Enrique Armijo advances international freedom of expression
Assistant Professor of Law Enrique Armijo has taken on an advocacy role at an international level through his freedom of expression work in Rwanda, Jordan, Yemen and other countries throughout the Middle East and South America. His most recent work is in Myanmar (Burma), which is in the midst of democratic reforms after 50 years of oppressive military rule.
“In a period of real change in countries such as Myanmar, governments are making decisions that are determining what these countries will be like for the next several years,” said Armijo. “My role has been to work with journalists and lawmakers to create a climate receptive to free expression.”
Armijo’s work in Myanmar, undertaken for the U.S. Department of State, has included drafting and advising on new press laws and communication-related legislation. In furthering this work, he has investigated the media environment, interviewed key stakeholders in the Myanmar government and media, and met with journalists and other interest groups in the region. In Myanmar, the operation, publication and distribution of private, daily newspapers had been illegal until just a few months ago. According to Armijo, the freedom to speak drives self-governance even though that process can be slow.
“If there is more freedom of speech today than yesterday, then a country and its people will be closer to political and personal self-determination than they were the day before,” said Armijo.
Closer to home, Armijo’s research on U.S. law focuses on the area of prior restraint. Armijo’s forthcoming paper, “Going Once, Going Twice: The Dubious Legality and Necessity of North Carolina’s Auctioneer License Statute,” will be published in the North Carolina Law Review in fall 2013. The article discusses government restrictions on the speech of auctioneers in the form of a licensing requirement. Although the government’s intent in criminalizing the calling of an auction without a license is to keep fraud out of auctioning, Armijo maintains that the state has other, less speech-restrictive ways to do so, and that the auction industry has long practiced self-regulation to protect buyers, potential buyers and sellers from fraudulent practices.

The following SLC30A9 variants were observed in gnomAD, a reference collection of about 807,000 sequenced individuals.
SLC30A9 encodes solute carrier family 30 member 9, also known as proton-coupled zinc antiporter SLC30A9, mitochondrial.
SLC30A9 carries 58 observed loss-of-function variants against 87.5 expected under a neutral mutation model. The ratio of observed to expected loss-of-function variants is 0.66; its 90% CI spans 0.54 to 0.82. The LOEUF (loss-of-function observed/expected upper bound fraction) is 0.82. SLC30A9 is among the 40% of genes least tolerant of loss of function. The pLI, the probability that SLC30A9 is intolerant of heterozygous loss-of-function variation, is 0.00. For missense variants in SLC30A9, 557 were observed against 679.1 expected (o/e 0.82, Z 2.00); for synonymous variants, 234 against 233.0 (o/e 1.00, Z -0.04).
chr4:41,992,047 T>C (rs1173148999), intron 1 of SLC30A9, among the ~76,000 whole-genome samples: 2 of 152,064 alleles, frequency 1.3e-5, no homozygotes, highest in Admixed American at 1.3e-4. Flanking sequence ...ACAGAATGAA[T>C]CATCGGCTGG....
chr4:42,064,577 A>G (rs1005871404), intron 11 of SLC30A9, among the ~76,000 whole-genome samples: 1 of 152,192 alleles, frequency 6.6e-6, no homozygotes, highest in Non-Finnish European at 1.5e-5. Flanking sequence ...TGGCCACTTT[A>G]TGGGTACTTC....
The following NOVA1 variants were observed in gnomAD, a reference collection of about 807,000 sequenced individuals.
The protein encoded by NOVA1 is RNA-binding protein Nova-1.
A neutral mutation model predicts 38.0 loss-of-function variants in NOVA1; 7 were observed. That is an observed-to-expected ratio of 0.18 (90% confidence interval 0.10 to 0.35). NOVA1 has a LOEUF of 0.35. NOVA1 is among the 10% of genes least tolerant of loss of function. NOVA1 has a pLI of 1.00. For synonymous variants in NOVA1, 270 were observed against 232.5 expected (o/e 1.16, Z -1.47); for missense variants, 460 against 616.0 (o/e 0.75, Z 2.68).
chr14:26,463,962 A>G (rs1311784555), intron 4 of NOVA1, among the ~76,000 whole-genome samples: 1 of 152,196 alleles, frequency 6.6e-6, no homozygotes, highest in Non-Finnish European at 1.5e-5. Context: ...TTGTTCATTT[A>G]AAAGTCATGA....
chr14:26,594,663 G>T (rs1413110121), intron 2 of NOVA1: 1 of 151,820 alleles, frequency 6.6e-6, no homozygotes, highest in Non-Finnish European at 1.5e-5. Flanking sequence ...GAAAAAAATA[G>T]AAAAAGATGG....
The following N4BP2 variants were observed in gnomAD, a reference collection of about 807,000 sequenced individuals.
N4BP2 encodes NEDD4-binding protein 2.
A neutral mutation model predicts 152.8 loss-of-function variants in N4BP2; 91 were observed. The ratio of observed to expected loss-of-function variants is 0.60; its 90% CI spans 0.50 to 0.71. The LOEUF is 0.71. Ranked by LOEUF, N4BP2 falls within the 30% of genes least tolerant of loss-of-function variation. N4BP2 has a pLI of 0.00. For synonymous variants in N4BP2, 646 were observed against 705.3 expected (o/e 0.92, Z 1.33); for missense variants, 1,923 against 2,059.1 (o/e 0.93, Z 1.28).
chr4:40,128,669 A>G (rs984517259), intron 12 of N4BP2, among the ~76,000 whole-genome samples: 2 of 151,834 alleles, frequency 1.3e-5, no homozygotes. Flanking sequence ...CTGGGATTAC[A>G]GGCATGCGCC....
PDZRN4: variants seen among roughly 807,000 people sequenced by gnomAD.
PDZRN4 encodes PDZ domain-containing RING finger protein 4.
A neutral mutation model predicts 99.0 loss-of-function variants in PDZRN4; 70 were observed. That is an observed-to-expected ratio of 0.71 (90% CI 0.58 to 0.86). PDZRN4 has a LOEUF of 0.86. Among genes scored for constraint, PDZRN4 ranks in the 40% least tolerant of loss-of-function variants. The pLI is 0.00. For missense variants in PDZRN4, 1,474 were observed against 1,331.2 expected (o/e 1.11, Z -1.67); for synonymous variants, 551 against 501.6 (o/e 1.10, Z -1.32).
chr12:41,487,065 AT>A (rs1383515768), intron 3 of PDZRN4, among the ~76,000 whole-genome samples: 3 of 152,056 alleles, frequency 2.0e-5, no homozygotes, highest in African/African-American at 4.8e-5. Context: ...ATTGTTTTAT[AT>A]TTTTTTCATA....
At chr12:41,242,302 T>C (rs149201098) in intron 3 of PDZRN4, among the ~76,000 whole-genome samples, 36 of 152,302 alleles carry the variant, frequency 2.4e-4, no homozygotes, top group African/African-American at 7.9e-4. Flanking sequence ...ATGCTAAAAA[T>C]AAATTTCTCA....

“This has occurred for as long as there have been auctions, from tobacco auctions in the 1800s here in the South to eBay,” said Armijo.
Armijo’s current research project looks at government provision of digital speech spaces such as municipal Wi-Fi connections, Internet access in public spaces and related technology, and how the First Amendment protects citizens using those spaces to communicate—in particular whether and when it is acceptable for the state to block content or people from these spaces. His article on these issues, “Kill Switches, Forum Doctrine, and the First Amendment’s Digital Future,” will be published in the winter 2014 issue of the Cardozo Arts and Entertainment Law Journal.
“Technology drives innovation in free speech law,” said Armijo. “These issues have become increasingly important and, as the law is always behind technology, we need to help the law keep up.”
In addition to First Amendment, media law and constitutional law, Armijo teaches torts to Elon’s 1L class.
“It’s an easy subject matter to make interesting and engage first-year students,” said Armijo. “You can make the cases and issues come alive.”
Armijo prefers for his students not to just sit back and listen, but to think hard about what the law should be and why it should be that way—especially about any weaknesses in court opinions and, more importantly, their own arguments.
“That’s what their adversaries will be doing once they get out into law practice. It’s critical for them to learn to identify the weaknesses in what they say and think and determine how to address those weaknesses. That’s what preparing for a life in the law is all about.”